He that never loved before, Let him love to-morrow! He that hath loved o'er and o'er, Let him love to-morrow!
Spring, young Spring, with song and mirth, Spring is on the newborn earth. Spring is here, the time of love —The merry birds pair in the grove, And the green trees hang their tresses, Loosen'd by the rain's caresses. Tomorrow sees the dawn of May, When Venus will her sceptre sway, Glorious, in her justice-hall: There where woodland shadows fall, On bowers of myrtle intertwined, Many a band of love she'll bind.
Tomorrow is the day when first From the foam-world of Ocean burst, Like one of his own waves, the bright Dione (mythology)|Dione, queen of love and light, Amid the sea-gods' azure train, 'Mid the strange horses of the main.
She it is that lends the hours Their crimson glow, their jewel-flowers: At her command the buds are seen, Where the west-wind's breath hath been, To swell within their dwellings green. She abroad those dewdrops flings, Dew that night's cool softness brings; How the bright tears hang declining, And glisten with a tremulous shining, Almost of weight to drop away, And yet too light to leave the spray.
Fresh be your coronals of flowers, And green your overarching bowers, To-morrow brings us the return Of Ether's primal marriage-morn. In amorous showers of rain he came T' embrace his bride's mysterious frame, To generate the blooming year, And all the produce Earth does bear. Venus still through vein and soul Bids the genial current roll; Still she guides its secret course With interpenetrating force, And breathes through heaven, and earth, and sea, A reproductive energy.
She old Troy's extinguish'd glory Revived in Latium's later story, When, by her auspices, her son Laurentia's royal damsel won. She vestal Rhea's spotless charms Surrender'd to the War-god’s arms; She for Romulus that day The Sabine daughters bore away; Thence sprung the Rhamnes' lofty name, Thence the old Quirites came; And thence the stock of high renown, The blood of Romulus, handed down Through many an age of glory pass'd, To blaze in Caesar's at last.
, the Vigil of Venus
, is a Latin
Latin is an Italic language originally spoken in Latium and Ancient Rome. It, along with most European languages, is a descendant of the ancient Proto-Indo-European language. Although it is considered a dead language, a number of scholars and members of the Christian clergy speak it fluently, and...
poem, probably written in the 4th century. It is generally thought to have been by the poet Tiberianus, due to strong similarities with the latter’s poem Amnis ibat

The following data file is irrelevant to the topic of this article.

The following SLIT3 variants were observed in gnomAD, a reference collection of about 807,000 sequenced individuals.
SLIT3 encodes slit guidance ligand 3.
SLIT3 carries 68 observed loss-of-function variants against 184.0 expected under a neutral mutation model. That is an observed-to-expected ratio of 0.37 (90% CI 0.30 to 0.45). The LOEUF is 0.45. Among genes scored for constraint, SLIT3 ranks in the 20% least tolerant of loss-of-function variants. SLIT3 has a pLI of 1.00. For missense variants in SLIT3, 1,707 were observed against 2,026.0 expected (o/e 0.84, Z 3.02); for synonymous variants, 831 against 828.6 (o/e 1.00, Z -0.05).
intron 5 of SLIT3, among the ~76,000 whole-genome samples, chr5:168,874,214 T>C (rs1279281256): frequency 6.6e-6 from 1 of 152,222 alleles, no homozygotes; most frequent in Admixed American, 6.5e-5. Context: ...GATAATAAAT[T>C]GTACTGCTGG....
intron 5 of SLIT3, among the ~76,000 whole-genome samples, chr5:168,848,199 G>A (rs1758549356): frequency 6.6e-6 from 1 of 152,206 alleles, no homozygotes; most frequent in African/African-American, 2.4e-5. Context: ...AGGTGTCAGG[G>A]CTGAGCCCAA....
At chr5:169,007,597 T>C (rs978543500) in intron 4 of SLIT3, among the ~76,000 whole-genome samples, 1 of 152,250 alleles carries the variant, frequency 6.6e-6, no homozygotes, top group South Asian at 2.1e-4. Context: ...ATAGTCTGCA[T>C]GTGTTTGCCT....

. It was written professedly in early spring on the eve of a three-nights' festival of Venus
Venus is a Roman goddess principally associated with love, beauty, sex,sexual seduction and fertility, who played a key role in many Roman religious festivals and myths...
(probably April 1–3). The setting seems to be Sicily
Sicily is a region of Italy, and is the largest island in the Mediterranean Sea. Along with the surrounding minor islands, it constitutes an autonomous region of Italy, the Regione Autonoma Siciliana Sicily has a rich and unique culture, especially with regard to the arts, music, literature,...
. The poem describes the annual awakening of the vegetable and animal world through the goddess. It is notable because of its focus on the natural world
Romanticism, a philosophical, literary, artistic and cultural era which began in the mid/late-1700s as a reaction against the prevailing Enlightenment ideals of the day , also influenced poetry...
— something never before seen in Roman poetry — which marks the transition from Roman poetry to Medieval poetry
Because most of what we have was written down by clerics, much of extant medieval poetry is religious. The chief exception is the work of the troubadours and the minnesänger, whose primary innovation was the ideal of courtly love. Among the most famous of secular poetry is Carmina Burana, a...
. It consists of ninety-three verses in trochaic septenarius
In ancient Greek and Latin literature, the trochaic septenarius is one of two major forms of poetic metre based on the trochee as its dominant rhythmic unit, the other being trochaic octonarius. It is used in drama and less often in poetry....
, and is divided into strophe
A strophe forms the first part of the ode in Ancient Greek tragedy, followed by the antistrophe and epode. In its original Greek setting, "strophe, antistrophe and epode were a kind of stanza framed only for the music," as John Milton wrote in the preface to Samson Agonistes, with the strophe...
s of unequal length by the refrain:
The poem ends with the nightingale’s song, and a poignant expression of personal sorrow:
The poem was set to music by Frederic Austin
Frederic Austin was an English baritone singer, a musical teacher and composer in the period 1905–30. He is best remembered for his restoration and production of The Beggar's Opera by John Gay and Johann Christoph Pepusch, and its sequel, Polly, in 1920–23...
for chorus and orchestra (first performance, Leeds Festival 1931) and by George Lloyd
George Lloyd may refer to:*George Lloyd, 1st Baron Lloyd , British politician*George Lloyd , member of the New South Wales Legislative Assembly*George Lloyd , Bishop of Sodor and Man and Bishop of Chester, 1605–1614...
for soprano, tenor, chorus and orchestra (1980)